By John MathersThe New York TimesFebruary 19, 2018 5:30:55When Wikipedia became a media company, it had two main competitors: Google and Microsoft.
Now, Google and Wikipedia are at odds over the future of the two.
The Google-Wikipedia war has led to a massive public relations disaster, with millions of people now online but no real content.
And Wikipedia has lost a large number of popular users.
The Wikipedia site has also become a battleground for corporate lobbyists who seek to control what content can be published.
In the battle to define the future, the Wikipedia project has turned into a powerful platform for corporate influence and corporate control of the Internet.
For all of the new buzz around Wikipedia’s power to create a new generation of Internet users, it’s also a new battleground for a powerful lobby that has tried to control the project for years.
The Wikipedia community is divided over whether to allow a new site to take over its core role of hosting, editing and curating articles.
The project has been run by an independent committee that is led by a board of directors made up of volunteers, who have been granted a voice in decisions about what is and isn’t published on Wikipedia.
Wikipedia has long been a haven for the open-access, free-expression movement.
Its editors, who are mostly volunteers, can write articles, post links to their own content and use a Web browser to search for information.
But the site has always been dominated by Google and the United States Government.
Google controls search engines like Google and Google+, and the U.S. Government controls the search algorithms used by Google, Microsoft and other companies.
In 2014, the Wikimedia Foundation, the nonprofit organization that runs Wikipedia, became a member of Google.
Since then, the two companies have fought over control of Wikipedia, with Google and its competitors attacking the nonprofit, including a lawsuit in federal court in Seattle last year that led to the ouster of the board of trustees.
The conflict between Google and Wikimedia began with an online petition by the group Wikipediocracy.
The petition, which calls itself “a grassroots, non-profit campaign to support the free and open use of Wikipedia,” garnered more than 6 million signatures in September.
The organization was created in 2011 as a Wikipedia-free-speech-focused alternative to Google and other corporations.
In December, the board appointed a group of volunteers to oversee the project, and on March 18, the group announced that it would not renew its membership.
On the day of the announcement, Wikipedia administrators announced that the site would be taken down, but not for long.
The Wikimedia Foundation quickly followed up with an update saying that it had decided to continue the project as a free-speech platform.
The site is still available to anyone, but it will no longer be a source of articles for Wikipedia users.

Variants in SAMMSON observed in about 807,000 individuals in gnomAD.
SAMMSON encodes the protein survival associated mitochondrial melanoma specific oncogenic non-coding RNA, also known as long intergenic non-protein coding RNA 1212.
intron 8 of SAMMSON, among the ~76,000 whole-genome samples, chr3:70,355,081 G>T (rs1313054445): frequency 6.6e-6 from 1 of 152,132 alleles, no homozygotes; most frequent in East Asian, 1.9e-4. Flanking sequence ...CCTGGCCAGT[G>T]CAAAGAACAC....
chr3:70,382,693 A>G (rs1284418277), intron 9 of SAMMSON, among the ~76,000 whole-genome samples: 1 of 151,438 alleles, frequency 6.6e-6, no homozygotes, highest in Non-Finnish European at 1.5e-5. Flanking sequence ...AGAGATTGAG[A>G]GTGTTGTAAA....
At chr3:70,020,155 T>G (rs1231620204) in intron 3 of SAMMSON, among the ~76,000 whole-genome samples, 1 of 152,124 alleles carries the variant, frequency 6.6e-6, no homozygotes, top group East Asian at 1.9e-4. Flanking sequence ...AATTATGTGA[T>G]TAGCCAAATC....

The announcement of the website’s demise came just weeks after Google, in a bid to control how Wikipedia would be accessed, announced plans to acquire the website for $200 million.
The acquisition came just a month after the Wikimedia board voted to put a moratorium on its board of trustee, allowing them to be replaced by an advisory board made up solely of Google employees.
But Google did not immediately respond to a request for comment about the Wikipedia-for-Google deal.
The controversy over the Wikimedia deal highlights the challenge for Wikimedia in a world where Google and Facebook are both dominating the Web.
Wikipedia, like other open-source projects, is based on the free software GNU Free Documentation License (FFDL), which permits anyone to copy, modify, and redistribute it.
The foundation is committed to promoting freedom of expression on the Web, and it supports the continued growth of the free Web by making it easier to share information online.
Wikipedia is a platform for users to share and edit articles, but its primary purpose is to enable people to share knowledge, and the content that is written there is free to use by anyone.
But in the years since the foundation’s founding, it has become a major force for control over how people access Wikipedia.
For years, the project’s users have had a choice between using Google or Wikipedia.
But with Google dominating the search engines, the result has been that users are no longer able to freely search for content.
On March 6, the foundation announced that users would be able to search by using a new system that will allow them to find articles based on their search terms, rather than by searching by keyword.
But for now, users can only search for articles by their most recent searches.
Google also blocks Wikipedia users from editing the site.
Wikipedia users can still edit articles on the site, but their edits can’t be made public.
For years, Wikipedia was the only place where users could edit articles.
Today, Google controls the world’s search engines and other Internet platforms that allow people to search the Web by searching terms like “Wikipedia.”
But users still have a choice of sites to use to search.
Google has long controlled how Google search results are displayed